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PHP : Features : Handling file uploads : PUT method support

PUT method support

PHP provides support for the HTTP PUT method used by some clients to store files on a server. PUT requests are much simpler than a file upload using POST requests and they look something like this:

put /path/filename.php http/1.1

this would normally mean that the remote client would like to save the content that follows as: /path/filename.php in your web tree. it is obviously not a good idea for apache or php to automatically let everybody overwrite any files in your web tree. so, to handle such a request you have to first tell your web server that you want a certain php script to handle the request. in apache you do this with the Script directive. It can be placed almost anywhere in your Apache configuration file. A common place is inside a <Directory> block or perhaps inside a <VirtualHost> block. A line like this would do the trick:

Script PUT /put.php

This tells Apache to send all PUT requests for URIs that match the context in which you put this line to the put.php script. This assumes, of course, that you have PHP enabled for the .php extension and PHP is active. The destination resource for all PUT requests to this script has to be the script itself, not a filename the uploaded file should have.

With PHP 4 and following you would then do something like the following in your put.php. This would copy the contents of the uploaded file to the file myputfile.ext on the server. You would probably want to perform some checks and/or authenticate the user before performing this file copy.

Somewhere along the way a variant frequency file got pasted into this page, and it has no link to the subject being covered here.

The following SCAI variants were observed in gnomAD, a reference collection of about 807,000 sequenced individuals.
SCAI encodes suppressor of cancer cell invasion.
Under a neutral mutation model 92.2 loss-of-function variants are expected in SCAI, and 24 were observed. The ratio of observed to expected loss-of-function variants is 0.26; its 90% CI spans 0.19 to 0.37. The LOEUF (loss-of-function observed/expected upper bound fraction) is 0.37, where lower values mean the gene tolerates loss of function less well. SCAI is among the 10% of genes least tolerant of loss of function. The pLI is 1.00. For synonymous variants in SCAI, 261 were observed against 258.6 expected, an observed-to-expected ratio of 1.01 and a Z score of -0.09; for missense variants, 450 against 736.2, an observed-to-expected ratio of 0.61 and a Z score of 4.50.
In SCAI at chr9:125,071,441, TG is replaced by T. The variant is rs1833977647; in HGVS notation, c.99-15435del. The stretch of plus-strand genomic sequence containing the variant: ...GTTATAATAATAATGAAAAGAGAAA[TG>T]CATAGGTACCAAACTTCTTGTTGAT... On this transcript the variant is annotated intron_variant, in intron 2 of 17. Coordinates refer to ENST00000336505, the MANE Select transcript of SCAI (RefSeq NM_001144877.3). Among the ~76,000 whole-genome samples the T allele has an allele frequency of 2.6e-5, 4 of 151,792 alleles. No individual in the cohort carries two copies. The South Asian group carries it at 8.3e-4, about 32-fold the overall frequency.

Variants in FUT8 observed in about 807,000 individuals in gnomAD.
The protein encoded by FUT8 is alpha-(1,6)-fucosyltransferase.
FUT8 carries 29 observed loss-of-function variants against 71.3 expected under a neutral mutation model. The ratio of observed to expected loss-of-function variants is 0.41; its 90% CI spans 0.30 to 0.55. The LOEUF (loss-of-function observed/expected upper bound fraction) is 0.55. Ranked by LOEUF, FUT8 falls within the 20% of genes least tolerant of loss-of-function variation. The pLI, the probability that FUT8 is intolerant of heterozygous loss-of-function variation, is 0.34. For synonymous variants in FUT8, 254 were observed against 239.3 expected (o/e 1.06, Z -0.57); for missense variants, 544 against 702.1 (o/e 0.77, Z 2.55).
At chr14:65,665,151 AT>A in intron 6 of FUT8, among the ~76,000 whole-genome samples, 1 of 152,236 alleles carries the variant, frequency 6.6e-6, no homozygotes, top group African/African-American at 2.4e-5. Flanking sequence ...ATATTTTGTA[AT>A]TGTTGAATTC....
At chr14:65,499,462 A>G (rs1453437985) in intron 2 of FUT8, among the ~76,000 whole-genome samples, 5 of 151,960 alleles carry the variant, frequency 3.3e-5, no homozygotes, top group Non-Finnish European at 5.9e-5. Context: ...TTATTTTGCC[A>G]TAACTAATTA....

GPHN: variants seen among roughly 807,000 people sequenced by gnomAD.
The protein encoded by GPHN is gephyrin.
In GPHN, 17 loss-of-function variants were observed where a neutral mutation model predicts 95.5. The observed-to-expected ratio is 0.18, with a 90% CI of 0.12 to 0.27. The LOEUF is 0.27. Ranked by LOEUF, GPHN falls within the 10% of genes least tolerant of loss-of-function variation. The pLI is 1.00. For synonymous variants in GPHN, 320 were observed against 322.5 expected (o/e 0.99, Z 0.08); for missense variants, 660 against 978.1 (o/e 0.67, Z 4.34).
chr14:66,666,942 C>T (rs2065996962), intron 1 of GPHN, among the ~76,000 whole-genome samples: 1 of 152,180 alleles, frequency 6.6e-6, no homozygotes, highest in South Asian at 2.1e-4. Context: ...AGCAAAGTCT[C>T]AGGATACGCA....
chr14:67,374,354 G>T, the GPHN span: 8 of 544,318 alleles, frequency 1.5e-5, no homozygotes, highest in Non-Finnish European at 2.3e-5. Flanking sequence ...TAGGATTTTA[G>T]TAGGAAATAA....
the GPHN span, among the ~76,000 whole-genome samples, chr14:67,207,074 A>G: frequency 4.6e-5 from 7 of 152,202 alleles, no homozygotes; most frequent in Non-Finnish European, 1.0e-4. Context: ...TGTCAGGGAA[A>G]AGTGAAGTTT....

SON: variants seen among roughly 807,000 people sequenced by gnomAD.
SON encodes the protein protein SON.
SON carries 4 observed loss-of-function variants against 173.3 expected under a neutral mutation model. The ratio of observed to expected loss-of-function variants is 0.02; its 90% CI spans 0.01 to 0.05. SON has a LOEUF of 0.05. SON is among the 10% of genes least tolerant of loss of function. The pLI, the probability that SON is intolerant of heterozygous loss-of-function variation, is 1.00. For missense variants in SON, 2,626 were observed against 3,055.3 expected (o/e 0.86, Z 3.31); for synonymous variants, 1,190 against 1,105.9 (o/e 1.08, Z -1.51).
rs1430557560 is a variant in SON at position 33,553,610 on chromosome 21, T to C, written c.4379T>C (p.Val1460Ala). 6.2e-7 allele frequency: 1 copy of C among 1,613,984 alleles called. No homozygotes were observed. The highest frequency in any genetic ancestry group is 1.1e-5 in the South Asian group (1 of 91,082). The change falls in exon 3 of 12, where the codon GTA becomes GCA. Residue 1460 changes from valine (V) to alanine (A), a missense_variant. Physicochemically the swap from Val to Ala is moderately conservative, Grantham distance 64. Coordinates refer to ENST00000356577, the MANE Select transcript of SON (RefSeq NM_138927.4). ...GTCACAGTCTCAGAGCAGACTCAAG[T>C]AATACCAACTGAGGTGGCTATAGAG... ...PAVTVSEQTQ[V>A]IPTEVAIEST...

Example 5.5. Saving HTTP PUT files with PHP 4

/* PUT data comes in on the stdin stream */
$putdata = fopen("php://input", "r");

/* Open a file for writing */
$fp = fopen("myputfile.ext", "w");

/* Read the data 1 KB at a time
  and write to the file */
while ($data = fread($putdata, 1024))
fwrite($fp, $data);

/* Close the streams */


All documentation below applies to PHP 3 only.

Example 5.6. Saving HTTP PUT files with PHP 3


The only trick here is that when PHP sees a PUT-method request it stores the uploaded file in a temporary file just like those handled by the POST-method. When the request ends, this temporary file is deleted. So, your PUT handling PHP script has to copy that file somewhere. The filename of this temporary file is in the $PHP_PUT_FILENAME variable, and you can see the suggested destination filename in the $REQUEST_URI (may vary on non-Apache web servers). This destination filename is the one that the remote client specified. You do not have to listen to this client. You could, for example, copy all uploaded files to a special uploads directory.

Code Examples / Notes » features.file_upload.put_method


Trying to capture a PUT stream into a single variable seems not to be allowed, probably because of the non presence of some kind of EOF. In this way save a PUT request into a database isn't easy.
The only way I find would be output to a cache file, then either insert filename into db or read again its content and place it in some kind of query.


PUT raw data comes in php://input, and you have to use fopen() and fread() to get the content. file_get_contents() is useless.